It is only a few minutes before I find myself passing hordes of cyclists, and I know that I am near to the car park. There is some sort of inverse square law about how many cyclists you see as you get further from the car park. Here, near to the seat of the radiation, I am in danger of a lethal dose, as families and groups of lads wobble inexpertly past, paying minimal attention to what they are doing, where they are doing it, or whom it might affect. To my left, I see a few young boys building a den in the forest, piling fir branches against each other in a sort of tepee shape. It’s good to see kids doing “proper kids’ stuff” like I used to do.

I zigzag my way past the café, and am nearly back at the car when I hear a young girl - maybe aged about 10 - say with awe, “He’s got no chain.” Assuming that she’s talking about me (rather than an inadequately restrained large dog, or someone struggling to flush a poorly designed toilet) I chuckle to myself. It isn’t just another “Where’s you other wheel/cross bar/handlebars/brakes?” comment, because it wasn’t intended either for my hearing or, apparently, for anyone else’s. The absence of a chain: the defining characteristic of the KH24 MUni!

Back to the car after about 1.5 to 2 hours’ enjoyable and varied ride. As I’m putting my Camelbak in the car, I find my GPS, Velcroed to the carrying strap!

“Being good with kids, I wink and say hello. I will no doubt be arrested within the week.”

Haha oh Mike, this is the first time I have laughed out loud reading the forums in a good while.

I think this is your best wride up ever!! Good job.


Sadly, I ws once arrested within 24 hours of telling a child to pick up some litter he’d dropped. Before the actual arrest, one of my friends, who is a deputy head at a local primary school, had to read out my description to the school at assembly, to warn the kids of a potential abductor who had been spotted in the area.

As for the quiz, so far I’ve had exactly one response. The respondent has hit all three points, although missing one minor detail.

Must be a difficult one. Come on folks.:slight_smile:

That was great. i am not to sure as to what to PM you about, i found three mistakes that i believe to be deliberate but am not PMing you for fear of being wrong, this attitude will eventually lead to my downfall.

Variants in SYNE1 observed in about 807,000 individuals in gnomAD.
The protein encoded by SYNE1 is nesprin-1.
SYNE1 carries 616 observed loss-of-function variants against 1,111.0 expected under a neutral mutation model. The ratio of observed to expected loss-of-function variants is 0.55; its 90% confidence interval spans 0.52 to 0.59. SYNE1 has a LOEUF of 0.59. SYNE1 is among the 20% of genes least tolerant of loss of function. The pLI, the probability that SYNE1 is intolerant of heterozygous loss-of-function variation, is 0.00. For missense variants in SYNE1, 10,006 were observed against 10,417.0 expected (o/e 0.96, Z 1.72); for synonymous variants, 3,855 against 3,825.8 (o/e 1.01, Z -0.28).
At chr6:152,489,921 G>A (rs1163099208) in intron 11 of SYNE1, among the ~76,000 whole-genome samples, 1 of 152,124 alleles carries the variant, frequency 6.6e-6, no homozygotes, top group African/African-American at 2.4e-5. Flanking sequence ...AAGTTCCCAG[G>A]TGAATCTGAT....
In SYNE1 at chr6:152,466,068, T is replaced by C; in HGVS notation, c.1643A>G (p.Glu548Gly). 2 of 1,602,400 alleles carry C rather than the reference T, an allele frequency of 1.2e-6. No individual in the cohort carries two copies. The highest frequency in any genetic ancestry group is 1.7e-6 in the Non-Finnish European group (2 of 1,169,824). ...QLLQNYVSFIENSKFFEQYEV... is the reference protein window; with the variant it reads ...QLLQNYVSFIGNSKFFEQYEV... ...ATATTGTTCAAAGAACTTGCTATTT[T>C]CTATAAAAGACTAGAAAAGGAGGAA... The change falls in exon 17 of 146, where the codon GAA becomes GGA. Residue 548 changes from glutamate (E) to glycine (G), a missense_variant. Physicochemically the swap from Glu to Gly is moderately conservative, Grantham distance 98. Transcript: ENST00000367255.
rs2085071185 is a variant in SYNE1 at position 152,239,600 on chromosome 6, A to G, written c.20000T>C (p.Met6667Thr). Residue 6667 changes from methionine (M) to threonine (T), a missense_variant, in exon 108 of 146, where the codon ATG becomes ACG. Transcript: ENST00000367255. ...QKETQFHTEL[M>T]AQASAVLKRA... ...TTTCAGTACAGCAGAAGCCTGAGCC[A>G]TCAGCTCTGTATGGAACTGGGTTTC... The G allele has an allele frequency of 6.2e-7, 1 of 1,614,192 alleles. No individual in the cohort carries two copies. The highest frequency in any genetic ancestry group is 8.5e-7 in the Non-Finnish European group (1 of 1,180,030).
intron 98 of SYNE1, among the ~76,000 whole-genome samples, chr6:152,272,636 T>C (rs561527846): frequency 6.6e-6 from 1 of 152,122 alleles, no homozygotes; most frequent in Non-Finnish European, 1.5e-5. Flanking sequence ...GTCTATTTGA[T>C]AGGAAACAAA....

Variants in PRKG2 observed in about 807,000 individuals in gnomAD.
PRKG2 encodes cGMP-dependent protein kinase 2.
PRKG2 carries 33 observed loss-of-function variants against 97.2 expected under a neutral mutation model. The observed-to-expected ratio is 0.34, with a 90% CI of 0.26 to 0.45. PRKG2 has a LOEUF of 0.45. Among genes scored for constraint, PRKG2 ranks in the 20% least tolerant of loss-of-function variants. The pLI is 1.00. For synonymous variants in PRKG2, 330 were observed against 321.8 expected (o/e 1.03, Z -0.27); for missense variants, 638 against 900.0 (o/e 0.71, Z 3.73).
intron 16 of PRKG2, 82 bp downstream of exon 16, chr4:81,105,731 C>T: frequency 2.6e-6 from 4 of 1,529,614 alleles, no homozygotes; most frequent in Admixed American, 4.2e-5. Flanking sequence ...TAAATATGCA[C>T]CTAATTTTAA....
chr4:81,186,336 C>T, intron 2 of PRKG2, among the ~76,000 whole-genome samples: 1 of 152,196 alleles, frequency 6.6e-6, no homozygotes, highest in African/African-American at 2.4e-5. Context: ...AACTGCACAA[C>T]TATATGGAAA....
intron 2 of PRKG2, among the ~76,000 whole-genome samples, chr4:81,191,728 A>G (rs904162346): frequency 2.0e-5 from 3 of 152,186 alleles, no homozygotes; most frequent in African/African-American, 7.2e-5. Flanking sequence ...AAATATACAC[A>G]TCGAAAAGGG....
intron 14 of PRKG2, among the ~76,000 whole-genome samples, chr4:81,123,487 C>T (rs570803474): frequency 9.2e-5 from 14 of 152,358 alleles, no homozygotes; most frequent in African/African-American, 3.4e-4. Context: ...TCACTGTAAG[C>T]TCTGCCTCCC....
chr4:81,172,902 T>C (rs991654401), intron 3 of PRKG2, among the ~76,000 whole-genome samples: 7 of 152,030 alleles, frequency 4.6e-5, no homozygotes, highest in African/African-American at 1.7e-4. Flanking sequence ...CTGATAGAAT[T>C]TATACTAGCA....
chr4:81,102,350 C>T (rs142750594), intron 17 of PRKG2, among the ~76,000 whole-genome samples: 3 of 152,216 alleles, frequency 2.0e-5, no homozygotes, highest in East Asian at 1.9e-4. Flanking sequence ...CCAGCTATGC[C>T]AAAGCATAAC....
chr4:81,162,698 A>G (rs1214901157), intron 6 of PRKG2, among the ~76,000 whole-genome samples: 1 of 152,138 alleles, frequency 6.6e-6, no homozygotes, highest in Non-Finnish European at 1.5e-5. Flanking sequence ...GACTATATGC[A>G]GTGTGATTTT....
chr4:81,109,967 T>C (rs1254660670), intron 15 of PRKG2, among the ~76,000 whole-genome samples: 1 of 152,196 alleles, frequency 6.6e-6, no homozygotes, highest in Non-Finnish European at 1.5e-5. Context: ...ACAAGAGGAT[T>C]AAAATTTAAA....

I moved to Tasmania to do “proper kids’ stuff”. We built some mighty fine Dens. This reminds me of a book called: Where did you go? Out. What did you do? Nothing.

great write up. i too had to deal with my share of “inexpertly ridden bicycles” on the trail this weekend.

Oh, the voting is slow…

4 responses so far, and only one person has got all three. One got none, and two came up with some convincing attempts.

Roll up, roll up!

that made me laugh. good job on the write up.

Lovely story. Thoroughly enjoyed it. I’ll have to re-read it now to see if I can spot any mistakes. Didn’t notice any the first time.

Forgot to say - I laughed out loud at the GPS bit. Seemed so familiar.

I couldn’t see any mistakes on the first read through.
I shall have to check again when I am in work tomorrow pretending to be busy.

Dash it all to heck! I just wrote an set of answers as long as the bloomin’ write up, then pressed the wrong button and lost it.

There were several interesting answers, in particular:

  • Blowing half a gale - under the Beaufort Scale, if whole trees were in motion, it would be more than half a gale. The challenge was technically correct, but this was not the deliberate mistake. It was just a turn of phrase.
  • Someone ungallant suggested that no British girl could do anything "prettily".